At a time when politics has become less and less about governing and increasingly, well, about politics, this past week is perhaps the penultimate illustration.
The testimony began in President Donald Trump’s impeachment inquiry, and the nation is watching as members of Congress from both sides of the aisle perform for the cameras and their bases — think a little William Jennings Bryan, a little Perry Mason and a lot of “Veep.”
Impeachment is, above all else, a political act. It’s not a legal one. If Democrats vote to impeach the president, he still gets to be president, as Bill Clinton can attest.
And, with the Senate needing no fewer than 20 Republicans to decide to remove him, Trump will likely remain in office and carry on his re-election bid, maybe even strengthened by the whole endeavor.
Considering the political realities, it can feel like we already know how this movie will end: matter-of-factly and anti-climactically. And yet, it isn’t outside the realm of possibilities that a Capraesque finish waits in the wings.
While former Sen. Jeff Flake, a casualty of the GOP Trump takeover, warned there could be as many as 35 Republicans in the Senate who would agree to remove Trump from office if the vote were silent, they won’t have that option. Republicans who wish to put their name on Trump’s ouster will have to do it publicly, knowing all the potential costs associated with their defiance.
The lack of courage among so many Republicans to stand up to Trump on anything, from even the smallest policy disagreements to egregious moral and ethical failures, portends a fait accompli from the Republican Senate.
But what if a “coalition that could” decided they’d had enough — that this president has been a drag on their party and the country for too long, that the price of defending him wasn’t going to be worth it in the long-term, that their own legacies were on the line? What would that look like?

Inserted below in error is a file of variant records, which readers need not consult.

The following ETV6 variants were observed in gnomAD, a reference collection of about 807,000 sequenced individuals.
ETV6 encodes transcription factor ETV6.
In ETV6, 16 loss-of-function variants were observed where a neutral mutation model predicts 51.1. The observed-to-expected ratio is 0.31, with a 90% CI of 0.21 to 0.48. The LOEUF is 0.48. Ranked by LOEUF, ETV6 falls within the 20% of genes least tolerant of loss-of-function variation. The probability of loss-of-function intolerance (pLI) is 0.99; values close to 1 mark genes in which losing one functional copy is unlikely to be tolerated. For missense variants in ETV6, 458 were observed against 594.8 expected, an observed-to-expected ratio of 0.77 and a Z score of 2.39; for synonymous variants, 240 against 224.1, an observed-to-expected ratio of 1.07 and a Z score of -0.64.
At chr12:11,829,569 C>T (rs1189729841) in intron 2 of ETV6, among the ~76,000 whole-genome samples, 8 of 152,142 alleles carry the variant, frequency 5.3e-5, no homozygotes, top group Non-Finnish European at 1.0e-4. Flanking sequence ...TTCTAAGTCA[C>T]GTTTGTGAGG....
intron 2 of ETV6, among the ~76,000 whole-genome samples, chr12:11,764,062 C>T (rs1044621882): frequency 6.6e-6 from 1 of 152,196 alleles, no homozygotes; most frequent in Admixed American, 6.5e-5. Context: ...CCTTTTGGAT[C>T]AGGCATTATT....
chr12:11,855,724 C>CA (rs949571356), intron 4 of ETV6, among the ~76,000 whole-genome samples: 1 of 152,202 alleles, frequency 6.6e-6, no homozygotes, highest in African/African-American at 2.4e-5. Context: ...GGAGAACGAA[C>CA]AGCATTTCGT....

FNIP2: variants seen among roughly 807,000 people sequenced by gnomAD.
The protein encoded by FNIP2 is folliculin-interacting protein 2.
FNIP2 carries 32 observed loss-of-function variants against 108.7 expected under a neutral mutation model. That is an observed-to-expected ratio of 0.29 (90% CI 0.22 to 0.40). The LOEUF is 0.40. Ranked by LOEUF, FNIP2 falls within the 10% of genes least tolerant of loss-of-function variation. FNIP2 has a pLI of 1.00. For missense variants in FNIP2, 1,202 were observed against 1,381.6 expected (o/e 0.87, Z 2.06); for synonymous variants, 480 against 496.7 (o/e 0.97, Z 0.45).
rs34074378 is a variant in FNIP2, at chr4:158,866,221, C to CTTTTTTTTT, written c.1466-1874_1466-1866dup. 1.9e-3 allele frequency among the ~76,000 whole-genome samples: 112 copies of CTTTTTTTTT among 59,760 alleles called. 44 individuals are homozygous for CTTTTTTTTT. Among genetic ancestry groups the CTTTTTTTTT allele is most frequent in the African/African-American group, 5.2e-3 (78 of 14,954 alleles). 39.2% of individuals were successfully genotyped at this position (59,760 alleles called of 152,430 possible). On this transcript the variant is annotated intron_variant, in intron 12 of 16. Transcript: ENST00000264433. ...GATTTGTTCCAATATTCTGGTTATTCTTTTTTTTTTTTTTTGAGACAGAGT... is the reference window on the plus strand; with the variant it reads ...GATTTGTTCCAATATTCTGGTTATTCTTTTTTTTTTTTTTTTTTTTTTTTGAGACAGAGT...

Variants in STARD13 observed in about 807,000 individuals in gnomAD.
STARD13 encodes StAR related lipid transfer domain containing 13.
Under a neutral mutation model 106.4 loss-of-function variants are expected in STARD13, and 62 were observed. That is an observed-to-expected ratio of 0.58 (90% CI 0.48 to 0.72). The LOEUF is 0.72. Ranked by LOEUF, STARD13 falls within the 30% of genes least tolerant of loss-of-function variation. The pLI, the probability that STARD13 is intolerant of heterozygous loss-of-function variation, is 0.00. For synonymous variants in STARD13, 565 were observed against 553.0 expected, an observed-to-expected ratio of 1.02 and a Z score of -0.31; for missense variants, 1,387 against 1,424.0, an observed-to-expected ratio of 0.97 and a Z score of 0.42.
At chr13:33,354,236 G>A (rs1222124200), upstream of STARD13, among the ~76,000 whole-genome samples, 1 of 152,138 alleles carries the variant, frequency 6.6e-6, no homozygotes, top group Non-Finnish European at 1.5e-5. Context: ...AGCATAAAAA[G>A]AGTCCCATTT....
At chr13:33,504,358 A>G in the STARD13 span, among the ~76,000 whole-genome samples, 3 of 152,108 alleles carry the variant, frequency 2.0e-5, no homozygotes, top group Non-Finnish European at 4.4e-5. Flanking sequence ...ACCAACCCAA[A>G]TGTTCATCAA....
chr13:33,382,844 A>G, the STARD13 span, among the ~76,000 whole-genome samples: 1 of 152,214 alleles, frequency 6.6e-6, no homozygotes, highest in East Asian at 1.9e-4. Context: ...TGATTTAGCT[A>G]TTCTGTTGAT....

Imagine it starting with just one. Larry Hogan Sr. was the first Republican to break with President Richard Nixon during his impeachment hearings, weakening not only the GOP firewall of support for the embattled president, but also Nixon’s own defiance.
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There are a number of would-be Hogan candidates to watch: Utah Sen. Mitt Romney, one of the rare Republicans who managed to criticize Trump and still get himself elected, isn’t up for reelection until 2024, giving him perhaps the longest runway to make a principled stand and then wait out Trump’s wrath.
Sens. Lisa Murkowski of Alaska and Pat Toomey of Pennsylvania aren’t up until 2022, giving both of them the opportunity to take their chances on a vote to remove without immediate political consequence.
Other Republican senators who have sometimes been reluctant to defend Trump or who have even sided with Democrats include Ben Sasse, Susan Collins, Lamar Alexander and Cory Gardner, all of whom are up for reelection next year, and will thus have to decide whether they want to tie their fates to Trump just months before their own elections.
Those may be the obvious potential defectors. But some believe the more impactful moves must come from less predictable places. As Lee Drutman has noted on FiveThirtyEight, “it’s rank-and-file Republican senators up for reelection in solidly red states, like Bill Cassidy from Louisiana or Jim Inhofe from Oklahoma, whom you should watch. If they waver, that will signal that Trump’s days are numbered.”
Of course, that’s asking a lot of senators who have done little to keep Trump in check up to this point.
But some other factors could be important. Trump’s job approval rating is underwater, 44% approval to 54% disapproval, and more support impeachment than do not, including 12% of Republican voters, a not insignificant number. That is math that Republican senators will pay attention to, especially if those numbers worsen for the president over the course of the public hearings.
But there’s one final reason the Senate is not a foregone conclusion. We tend to think of the House as a less historically significant legislative body than the Senate. There are more representatives than there are senators, they’re up for re-election every two years, and many come and go without having much of an impact.
But for senators, the stakes are higher. Their votes and their actions aren’t written in pencil, but ink. It’s moments like these that can make or break a legacy forever. And if fewer than half of the Republican senators are mulling their own entries in the history books, it isn’t impossible to think that some could abandon the president to save themselves.
Phil Hands: Broasted Hawkeyes, bumbling Republicans and burnt out grim reapers
A collection of recent cartoons from the desk of Wisconsin State Journal editorial cartoonist Phil Hands.
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